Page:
Language of Materials


Scope and Contents

The Samuel K. Dennis Papers span the years 1900-1952 with the bulk of the material falling into the period 1944-1952, the years between Dennis' retirement from the Supreme Bench of Baltimore and his death. Correspondence and legal papers relating to his business and personal activities constitute a majority of the items. Contained in the collection also are materials relating to all phases of his legal career, commencing around 1900.

The correspondence section of the collection is somewhat confusing. Mostly general in nature, the correspondence is also broken down by both correspondents and by topic. A large portion of Dennis' papers may have been separated from those appearing in the collection, thus probably explaining the gaps in dates and subjects. The existance of Miscellaneous L and T through Z correspondence may also substantiate the missing papers theory. Dennis preferred to group his correspondence into six groups: 1944-45; 1946-47; 1946-48; 1946-52; and 1950-52. Arrangement of this type creates overlapping correspondence and it is not known why Dennis chose this method. Materials relating to legal cases were mostly kept together. In his general correspondence files, however, can be found items referring to Dennis' legal case work and financial matters.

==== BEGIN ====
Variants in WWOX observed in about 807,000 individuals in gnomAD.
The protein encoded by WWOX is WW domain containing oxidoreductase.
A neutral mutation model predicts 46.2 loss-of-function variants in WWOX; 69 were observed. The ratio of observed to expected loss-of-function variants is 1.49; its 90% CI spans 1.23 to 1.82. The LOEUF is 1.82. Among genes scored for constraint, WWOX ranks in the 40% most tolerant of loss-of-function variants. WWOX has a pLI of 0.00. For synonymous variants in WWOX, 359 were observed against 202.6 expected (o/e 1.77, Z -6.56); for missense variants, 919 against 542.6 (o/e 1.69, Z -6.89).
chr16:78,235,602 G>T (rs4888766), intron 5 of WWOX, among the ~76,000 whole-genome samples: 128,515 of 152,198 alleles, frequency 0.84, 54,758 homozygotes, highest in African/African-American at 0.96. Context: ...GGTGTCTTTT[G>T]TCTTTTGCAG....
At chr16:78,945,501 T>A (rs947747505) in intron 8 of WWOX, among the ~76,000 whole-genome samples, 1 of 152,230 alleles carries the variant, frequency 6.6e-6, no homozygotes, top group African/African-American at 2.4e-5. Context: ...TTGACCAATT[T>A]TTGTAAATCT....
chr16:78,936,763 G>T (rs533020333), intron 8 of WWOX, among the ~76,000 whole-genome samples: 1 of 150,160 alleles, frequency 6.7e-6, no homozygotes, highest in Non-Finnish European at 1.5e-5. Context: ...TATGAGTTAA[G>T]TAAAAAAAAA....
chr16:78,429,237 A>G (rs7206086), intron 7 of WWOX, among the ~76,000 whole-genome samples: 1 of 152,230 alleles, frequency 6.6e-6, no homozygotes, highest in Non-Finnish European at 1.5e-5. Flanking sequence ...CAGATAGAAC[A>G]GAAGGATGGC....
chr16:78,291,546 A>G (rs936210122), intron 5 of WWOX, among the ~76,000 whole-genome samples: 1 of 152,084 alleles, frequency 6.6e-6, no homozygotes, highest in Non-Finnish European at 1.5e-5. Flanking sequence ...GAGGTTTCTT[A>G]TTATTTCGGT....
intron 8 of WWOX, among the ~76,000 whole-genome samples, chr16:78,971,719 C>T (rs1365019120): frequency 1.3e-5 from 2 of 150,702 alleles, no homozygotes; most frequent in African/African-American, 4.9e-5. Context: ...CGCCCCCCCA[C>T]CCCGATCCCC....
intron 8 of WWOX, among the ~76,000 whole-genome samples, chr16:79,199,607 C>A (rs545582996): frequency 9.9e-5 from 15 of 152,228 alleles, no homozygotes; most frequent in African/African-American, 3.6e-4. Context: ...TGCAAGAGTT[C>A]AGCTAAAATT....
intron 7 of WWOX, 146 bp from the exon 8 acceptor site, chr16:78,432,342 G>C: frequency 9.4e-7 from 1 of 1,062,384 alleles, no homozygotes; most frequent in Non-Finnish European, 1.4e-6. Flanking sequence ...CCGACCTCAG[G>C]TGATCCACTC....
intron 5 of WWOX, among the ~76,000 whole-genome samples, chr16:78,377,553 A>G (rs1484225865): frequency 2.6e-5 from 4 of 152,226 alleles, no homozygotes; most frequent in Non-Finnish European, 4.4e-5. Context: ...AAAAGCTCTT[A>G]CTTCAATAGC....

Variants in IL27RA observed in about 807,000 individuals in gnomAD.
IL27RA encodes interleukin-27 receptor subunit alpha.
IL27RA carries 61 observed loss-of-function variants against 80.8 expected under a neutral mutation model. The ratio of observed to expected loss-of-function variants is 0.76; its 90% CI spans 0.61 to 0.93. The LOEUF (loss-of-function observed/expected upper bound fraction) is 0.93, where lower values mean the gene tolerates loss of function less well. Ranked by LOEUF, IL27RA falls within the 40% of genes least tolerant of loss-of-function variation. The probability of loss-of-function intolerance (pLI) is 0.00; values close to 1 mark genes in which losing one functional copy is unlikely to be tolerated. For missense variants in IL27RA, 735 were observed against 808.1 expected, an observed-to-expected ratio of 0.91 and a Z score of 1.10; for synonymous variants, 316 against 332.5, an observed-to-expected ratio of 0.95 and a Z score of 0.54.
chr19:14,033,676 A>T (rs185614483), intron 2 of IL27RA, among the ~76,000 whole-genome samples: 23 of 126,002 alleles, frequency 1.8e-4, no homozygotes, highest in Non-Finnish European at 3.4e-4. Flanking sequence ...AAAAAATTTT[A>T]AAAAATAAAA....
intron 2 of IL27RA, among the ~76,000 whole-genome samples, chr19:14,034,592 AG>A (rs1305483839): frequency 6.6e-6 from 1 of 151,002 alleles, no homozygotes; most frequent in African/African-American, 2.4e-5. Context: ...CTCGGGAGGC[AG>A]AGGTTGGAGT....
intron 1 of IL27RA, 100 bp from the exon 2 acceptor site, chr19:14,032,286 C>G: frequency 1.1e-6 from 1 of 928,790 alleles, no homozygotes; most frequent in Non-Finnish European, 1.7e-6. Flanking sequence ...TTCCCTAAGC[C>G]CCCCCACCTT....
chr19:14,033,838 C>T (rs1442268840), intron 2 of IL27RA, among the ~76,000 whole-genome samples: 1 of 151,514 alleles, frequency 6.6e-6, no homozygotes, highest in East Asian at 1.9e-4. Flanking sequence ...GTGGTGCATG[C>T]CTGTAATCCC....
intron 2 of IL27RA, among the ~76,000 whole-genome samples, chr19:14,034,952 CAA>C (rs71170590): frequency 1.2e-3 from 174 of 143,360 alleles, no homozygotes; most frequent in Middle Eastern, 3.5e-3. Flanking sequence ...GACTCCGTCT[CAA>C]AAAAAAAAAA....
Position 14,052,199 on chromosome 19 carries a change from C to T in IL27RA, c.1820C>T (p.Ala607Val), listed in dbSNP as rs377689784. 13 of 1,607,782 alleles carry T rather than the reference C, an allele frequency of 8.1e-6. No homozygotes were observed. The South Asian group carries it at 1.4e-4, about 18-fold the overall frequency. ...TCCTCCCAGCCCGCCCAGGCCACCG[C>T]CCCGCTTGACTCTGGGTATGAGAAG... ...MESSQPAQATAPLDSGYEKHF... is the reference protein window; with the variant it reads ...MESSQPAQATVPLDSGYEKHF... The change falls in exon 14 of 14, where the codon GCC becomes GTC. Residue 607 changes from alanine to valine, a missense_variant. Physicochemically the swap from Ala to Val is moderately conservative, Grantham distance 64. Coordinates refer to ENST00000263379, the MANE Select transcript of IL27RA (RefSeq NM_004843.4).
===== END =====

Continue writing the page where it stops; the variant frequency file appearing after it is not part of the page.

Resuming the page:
Correspondence concerns both business and personal matters. As Dennis was semi-retired during the creation of the majority of the items, the personal aspect tends to be rather well represented. Letters are generally to and from such family members as Alfred Dennis, John V. Dennis, Philip C. Dennis, Caroline M. Crisfield and Mrs. Mary Balloch. Friends such as Godfrey Child, D. Princeton Buckey, Dr. Alfred T. Gundry and Harry F. Ogden, among others, are represented in abundance. Letters of note written to Dennis are from Alfred Dennis serving in the U.S. Diplomatic Corps in such places as Oslo, Norway (1947), Italy (1952), and Germany (1946); and letters written by soldiers fighting during World War II. Dennis' involvement in the University Club and the American Red Cross are also represented in the letters from 1946-47. Finally, some correspondence concerns the Maryland Historical Society and Dennis family genealogy.